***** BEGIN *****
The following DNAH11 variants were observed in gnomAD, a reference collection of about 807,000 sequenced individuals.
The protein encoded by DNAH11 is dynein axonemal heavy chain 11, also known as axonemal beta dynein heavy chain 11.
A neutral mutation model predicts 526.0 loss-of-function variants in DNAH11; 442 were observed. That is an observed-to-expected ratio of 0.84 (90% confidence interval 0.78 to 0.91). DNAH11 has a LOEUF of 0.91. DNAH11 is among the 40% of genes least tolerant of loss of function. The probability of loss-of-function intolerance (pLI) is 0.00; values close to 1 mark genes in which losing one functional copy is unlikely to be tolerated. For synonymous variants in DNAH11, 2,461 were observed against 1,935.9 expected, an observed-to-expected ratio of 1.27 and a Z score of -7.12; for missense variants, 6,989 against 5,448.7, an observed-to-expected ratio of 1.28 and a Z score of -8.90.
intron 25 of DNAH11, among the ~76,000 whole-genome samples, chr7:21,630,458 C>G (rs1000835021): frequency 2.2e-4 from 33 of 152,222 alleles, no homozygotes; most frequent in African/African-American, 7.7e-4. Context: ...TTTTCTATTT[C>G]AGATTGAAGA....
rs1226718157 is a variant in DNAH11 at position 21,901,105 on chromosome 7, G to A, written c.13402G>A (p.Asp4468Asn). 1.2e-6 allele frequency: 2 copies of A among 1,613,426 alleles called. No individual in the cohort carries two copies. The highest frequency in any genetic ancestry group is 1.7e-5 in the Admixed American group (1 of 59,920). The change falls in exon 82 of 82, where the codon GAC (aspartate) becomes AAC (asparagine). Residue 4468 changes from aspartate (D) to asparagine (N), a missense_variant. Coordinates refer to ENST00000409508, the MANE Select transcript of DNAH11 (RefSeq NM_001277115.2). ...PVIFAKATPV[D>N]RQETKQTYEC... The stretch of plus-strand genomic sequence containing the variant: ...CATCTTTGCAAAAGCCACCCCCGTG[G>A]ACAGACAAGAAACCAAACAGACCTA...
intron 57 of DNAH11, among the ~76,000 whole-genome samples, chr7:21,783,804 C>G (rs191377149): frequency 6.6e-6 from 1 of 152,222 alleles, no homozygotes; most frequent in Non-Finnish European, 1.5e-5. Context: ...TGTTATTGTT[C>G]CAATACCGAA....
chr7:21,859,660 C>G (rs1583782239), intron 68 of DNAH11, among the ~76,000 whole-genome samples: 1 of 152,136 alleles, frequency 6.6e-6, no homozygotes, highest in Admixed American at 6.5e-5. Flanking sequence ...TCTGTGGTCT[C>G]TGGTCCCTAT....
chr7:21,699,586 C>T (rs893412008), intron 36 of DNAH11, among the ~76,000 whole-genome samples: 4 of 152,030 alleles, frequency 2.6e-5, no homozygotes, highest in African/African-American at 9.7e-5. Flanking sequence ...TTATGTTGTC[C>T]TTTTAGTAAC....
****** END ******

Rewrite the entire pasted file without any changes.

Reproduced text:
The following DNAH11 variants were observed in gnomAD, a reference collection of about 807,000 sequenced individuals.
The protein encoded by DNAH11 is dynein axonemal heavy chain 11, also known as axonemal beta dynein heavy chain 11.
A neutral mutation model predicts 526.0 loss-of-function variants in DNAH11; 442 were observed. That is an observed-to-expected ratio of 0.84 (90% confidence interval 0.78 to 0.91). DNAH11 has a LOEUF of 0.91. DNAH11 is among the 40% of genes least tolerant of loss of function. The probability of loss-of-function intolerance (pLI) is 0.00; values close to 1 mark genes in which losing one functional copy is unlikely to be tolerated. For synonymous variants in DNAH11, 2,461 were observed against 1,935.9 expected, an observed-to-expected ratio of 1.27 and a Z score of -7.12; for missense variants, 6,989 against 5,448.7, an observed-to-expected ratio of 1.28 and a Z score of -8.90.
intron 25 of DNAH11, among the ~76,000 whole-genome samples, chr7:21,630,458 C>G (rs1000835021): frequency 2.2e-4 from 33 of 152,222 alleles, no homozygotes; most frequent in African/African-American, 7.7e-4. Context: ...TTTTCTATTT[C>G]AGATTGAAGA....
rs1226718157 is a variant in DNAH11 at position 21,901,105 on chromosome 7, G to A, written c.13402G>A (p.Asp4468Asn). 1.2e-6 allele frequency: 2 copies of A among 1,613,426 alleles called. No individual in the cohort carries two copies. The highest frequency in any genetic ancestry group is 1.7e-5 in the Admixed American group (1 of 59,920). The change falls in exon 82 of 82, where the codon GAC (aspartate) becomes AAC (asparagine). Residue 4468 changes from aspartate (D) to asparagine (N), a missense_variant. Coordinates refer to ENST00000409508, the MANE Select transcript of DNAH11 (RefSeq NM_001277115.2). ...PVIFAKATPV[D>N]RQETKQTYEC... The stretch of plus-strand genomic sequence containing the variant: ...CATCTTTGCAAAAGCCACCCCCGTG[G>A]ACAGACAAGAAACCAAACAGACCTA...
intron 57 of DNAH11, among the ~76,000 whole-genome samples, chr7:21,783,804 C>G (rs191377149): frequency 6.6e-6 from 1 of 152,222 alleles, no homozygotes; most frequent in Non-Finnish European, 1.5e-5. Context: ...TGTTATTGTT[C>G]CAATACCGAA....
chr7:21,859,660 C>G (rs1583782239), intron 68 of DNAH11, among the ~76,000 whole-genome samples: 1 of 152,136 alleles, frequency 6.6e-6, no homozygotes, highest in Admixed American at 6.5e-5. Flanking sequence ...TCTGTGGTCT[C>G]TGGTCCCTAT....
chr7:21,699,586 C>T (rs893412008), intron 36 of DNAH11, among the ~76,000 whole-genome samples: 4 of 152,030 alleles, frequency 2.6e-5, no homozygotes, highest in African/African-American at 9.7e-5. Flanking sequence ...TTATGTTGTC[C>T]TTTTAGTAAC....